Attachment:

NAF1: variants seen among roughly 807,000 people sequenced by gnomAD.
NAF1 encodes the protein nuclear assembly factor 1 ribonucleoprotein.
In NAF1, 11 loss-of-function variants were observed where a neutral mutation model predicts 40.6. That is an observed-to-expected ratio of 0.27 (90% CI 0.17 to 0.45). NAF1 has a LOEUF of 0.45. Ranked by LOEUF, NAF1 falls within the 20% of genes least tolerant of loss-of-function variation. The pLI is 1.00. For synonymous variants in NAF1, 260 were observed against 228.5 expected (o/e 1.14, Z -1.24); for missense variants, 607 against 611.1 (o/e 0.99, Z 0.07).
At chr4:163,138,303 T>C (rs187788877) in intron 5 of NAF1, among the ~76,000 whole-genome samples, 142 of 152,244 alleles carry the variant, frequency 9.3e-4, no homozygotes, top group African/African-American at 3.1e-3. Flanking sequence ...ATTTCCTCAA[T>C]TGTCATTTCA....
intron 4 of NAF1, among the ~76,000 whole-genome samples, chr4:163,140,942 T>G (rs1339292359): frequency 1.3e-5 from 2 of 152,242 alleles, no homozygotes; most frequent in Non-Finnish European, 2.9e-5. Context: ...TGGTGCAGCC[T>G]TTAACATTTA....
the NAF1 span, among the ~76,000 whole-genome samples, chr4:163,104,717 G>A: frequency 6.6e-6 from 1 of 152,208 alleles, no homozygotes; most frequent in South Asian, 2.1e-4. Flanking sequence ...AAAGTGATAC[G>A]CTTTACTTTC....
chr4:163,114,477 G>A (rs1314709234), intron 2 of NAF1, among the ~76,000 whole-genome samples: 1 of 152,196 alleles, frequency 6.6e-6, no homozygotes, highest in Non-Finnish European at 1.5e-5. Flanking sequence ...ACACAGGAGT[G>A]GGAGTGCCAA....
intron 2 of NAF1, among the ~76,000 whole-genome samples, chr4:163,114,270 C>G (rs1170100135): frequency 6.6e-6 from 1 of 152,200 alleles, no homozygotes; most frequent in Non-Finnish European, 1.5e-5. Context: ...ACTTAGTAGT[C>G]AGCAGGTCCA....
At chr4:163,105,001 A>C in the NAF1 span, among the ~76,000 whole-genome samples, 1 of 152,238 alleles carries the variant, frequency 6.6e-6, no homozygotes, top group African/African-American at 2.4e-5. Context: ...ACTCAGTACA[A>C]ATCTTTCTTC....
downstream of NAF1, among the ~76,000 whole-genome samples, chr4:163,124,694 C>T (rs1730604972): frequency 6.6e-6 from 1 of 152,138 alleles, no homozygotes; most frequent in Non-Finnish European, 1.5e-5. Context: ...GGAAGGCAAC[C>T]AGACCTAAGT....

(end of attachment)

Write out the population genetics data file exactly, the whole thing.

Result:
NAF1: variants seen among roughly 807,000 people sequenced by gnomAD.
NAF1 encodes the protein nuclear assembly factor 1 ribonucleoprotein.
In NAF1, 11 loss-of-function variants were observed where a neutral mutation model predicts 40.6. That is an observed-to-expected ratio of 0.27 (90% CI 0.17 to 0.45). NAF1 has a LOEUF of 0.45. Ranked by LOEUF, NAF1 falls within the 20% of genes least tolerant of loss-of-function variation. The pLI is 1.00. For synonymous variants in NAF1, 260 were observed against 228.5 expected (o/e 1.14, Z -1.24); for missense variants, 607 against 611.1 (o/e 0.99, Z 0.07).
At chr4:163,138,303 T>C (rs187788877) in intron 5 of NAF1, among the ~76,000 whole-genome samples, 142 of 152,244 alleles carry the variant, frequency 9.3e-4, no homozygotes, top group African/African-American at 3.1e-3. Flanking sequence ...ATTTCCTCAA[T>C]TGTCATTTCA....
intron 4 of NAF1, among the ~76,000 whole-genome samples, chr4:163,140,942 T>G (rs1339292359): frequency 1.3e-5 from 2 of 152,242 alleles, no homozygotes; most frequent in Non-Finnish European, 2.9e-5. Context: ...TGGTGCAGCC[T>G]TTAACATTTA....
the NAF1 span, among the ~76,000 whole-genome samples, chr4:163,104,717 G>A: frequency 6.6e-6 from 1 of 152,208 alleles, no homozygotes; most frequent in South Asian, 2.1e-4. Flanking sequence ...AAAGTGATAC[G>A]CTTTACTTTC....
chr4:163,114,477 G>A (rs1314709234), intron 2 of NAF1, among the ~76,000 whole-genome samples: 1 of 152,196 alleles, frequency 6.6e-6, no homozygotes, highest in Non-Finnish European at 1.5e-5. Flanking sequence ...ACACAGGAGT[G>A]GGAGTGCCAA....
intron 2 of NAF1, among the ~76,000 whole-genome samples, chr4:163,114,270 C>G (rs1170100135): frequency 6.6e-6 from 1 of 152,200 alleles, no homozygotes; most frequent in Non-Finnish European, 1.5e-5. Context: ...ACTTAGTAGT[C>G]AGCAGGTCCA....
At chr4:163,105,001 A>C in the NAF1 span, among the ~76,000 whole-genome samples, 1 of 152,238 alleles carries the variant, frequency 6.6e-6, no homozygotes, top group African/African-American at 2.4e-5. Context: ...ACTCAGTACA[A>C]ATCTTTCTTC....
downstream of NAF1, among the ~76,000 whole-genome samples, chr4:163,124,694 C>T (rs1730604972): frequency 6.6e-6 from 1 of 152,138 alleles, no homozygotes; most frequent in Non-Finnish European, 1.5e-5. Context: ...GGAAGGCAAC[C>T]AGACCTAAGT....